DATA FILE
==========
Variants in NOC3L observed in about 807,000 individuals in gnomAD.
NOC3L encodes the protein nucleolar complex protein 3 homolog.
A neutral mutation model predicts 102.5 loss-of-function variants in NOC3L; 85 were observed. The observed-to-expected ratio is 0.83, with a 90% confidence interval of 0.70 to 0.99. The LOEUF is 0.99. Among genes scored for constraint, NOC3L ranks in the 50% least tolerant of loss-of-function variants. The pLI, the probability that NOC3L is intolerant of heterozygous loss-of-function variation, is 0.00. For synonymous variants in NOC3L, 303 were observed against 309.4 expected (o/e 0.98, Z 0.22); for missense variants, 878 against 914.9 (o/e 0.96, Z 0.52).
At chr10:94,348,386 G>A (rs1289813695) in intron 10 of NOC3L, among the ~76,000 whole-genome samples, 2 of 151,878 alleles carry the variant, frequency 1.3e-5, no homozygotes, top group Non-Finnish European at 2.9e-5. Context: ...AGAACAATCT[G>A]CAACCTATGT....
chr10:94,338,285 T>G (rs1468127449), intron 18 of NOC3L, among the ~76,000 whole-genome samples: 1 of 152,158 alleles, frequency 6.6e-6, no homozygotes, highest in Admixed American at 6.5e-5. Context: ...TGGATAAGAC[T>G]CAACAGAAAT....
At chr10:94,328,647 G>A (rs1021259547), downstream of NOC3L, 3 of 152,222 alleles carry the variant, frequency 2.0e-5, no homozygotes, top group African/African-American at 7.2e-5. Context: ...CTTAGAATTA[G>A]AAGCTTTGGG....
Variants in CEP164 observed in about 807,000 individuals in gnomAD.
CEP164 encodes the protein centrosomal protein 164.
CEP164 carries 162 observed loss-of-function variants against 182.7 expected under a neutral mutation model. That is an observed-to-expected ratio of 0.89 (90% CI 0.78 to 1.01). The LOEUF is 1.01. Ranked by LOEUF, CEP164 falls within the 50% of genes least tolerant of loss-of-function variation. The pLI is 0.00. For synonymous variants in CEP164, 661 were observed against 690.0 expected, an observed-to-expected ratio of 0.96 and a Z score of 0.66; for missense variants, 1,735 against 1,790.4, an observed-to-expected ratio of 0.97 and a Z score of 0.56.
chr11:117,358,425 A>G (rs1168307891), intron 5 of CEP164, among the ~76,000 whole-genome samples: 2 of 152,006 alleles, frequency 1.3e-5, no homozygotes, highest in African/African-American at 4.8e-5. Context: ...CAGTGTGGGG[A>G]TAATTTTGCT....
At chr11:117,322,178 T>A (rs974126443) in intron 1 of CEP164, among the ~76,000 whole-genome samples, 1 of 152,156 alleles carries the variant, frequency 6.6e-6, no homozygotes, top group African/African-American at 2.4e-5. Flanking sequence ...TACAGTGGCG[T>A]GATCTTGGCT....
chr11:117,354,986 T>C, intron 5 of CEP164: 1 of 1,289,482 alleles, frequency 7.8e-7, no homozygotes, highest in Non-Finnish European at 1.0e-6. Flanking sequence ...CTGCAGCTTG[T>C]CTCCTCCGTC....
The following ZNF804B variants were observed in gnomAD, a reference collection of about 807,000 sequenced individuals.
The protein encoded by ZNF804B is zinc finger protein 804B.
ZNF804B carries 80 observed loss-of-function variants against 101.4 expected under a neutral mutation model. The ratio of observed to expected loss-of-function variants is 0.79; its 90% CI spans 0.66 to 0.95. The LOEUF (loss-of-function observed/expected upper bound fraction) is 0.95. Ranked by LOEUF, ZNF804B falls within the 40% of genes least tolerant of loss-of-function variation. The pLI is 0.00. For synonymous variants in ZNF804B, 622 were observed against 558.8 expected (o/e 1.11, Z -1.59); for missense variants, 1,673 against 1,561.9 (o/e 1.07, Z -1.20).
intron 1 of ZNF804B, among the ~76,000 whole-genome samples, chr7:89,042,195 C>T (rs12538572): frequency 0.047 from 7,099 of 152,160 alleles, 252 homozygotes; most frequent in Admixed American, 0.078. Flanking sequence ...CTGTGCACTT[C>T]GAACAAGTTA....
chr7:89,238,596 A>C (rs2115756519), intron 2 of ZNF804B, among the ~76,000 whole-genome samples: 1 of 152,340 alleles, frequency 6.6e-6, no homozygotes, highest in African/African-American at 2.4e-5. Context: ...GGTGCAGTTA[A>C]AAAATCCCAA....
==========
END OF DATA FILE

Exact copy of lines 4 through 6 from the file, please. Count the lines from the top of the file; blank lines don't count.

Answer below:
At chr10:94,348,386 G>A (rs1289813695) in intron 10 of NOC3L, among the ~76,000 whole-genome samples, 2 of 151,878 alleles carry the variant, frequency 1.3e-5, no homozygotes, top group Non-Finnish European at 2.9e-5. Context: ...AGAACAATCT[G>A]CAACCTATGT....
chr10:94,338,285 T>G (rs1468127449), intron 18 of NOC3L, among the ~76,000 whole-genome samples: 1 of 152,158 alleles, frequency 6.6e-6, no homozygotes, highest in Admixed American at 6.5e-5. Context: ...TGGATAAGAC[T>G]CAACAGAAAT....
At chr10:94,328,647 G>A (rs1021259547), downstream of NOC3L, 3 of 152,222 alleles carry the variant, frequency 2.0e-5, no homozygotes, top group African/African-American at 7.2e-5. Context: ...CTTAGAATTA[G>A]AAGCTTTGGG....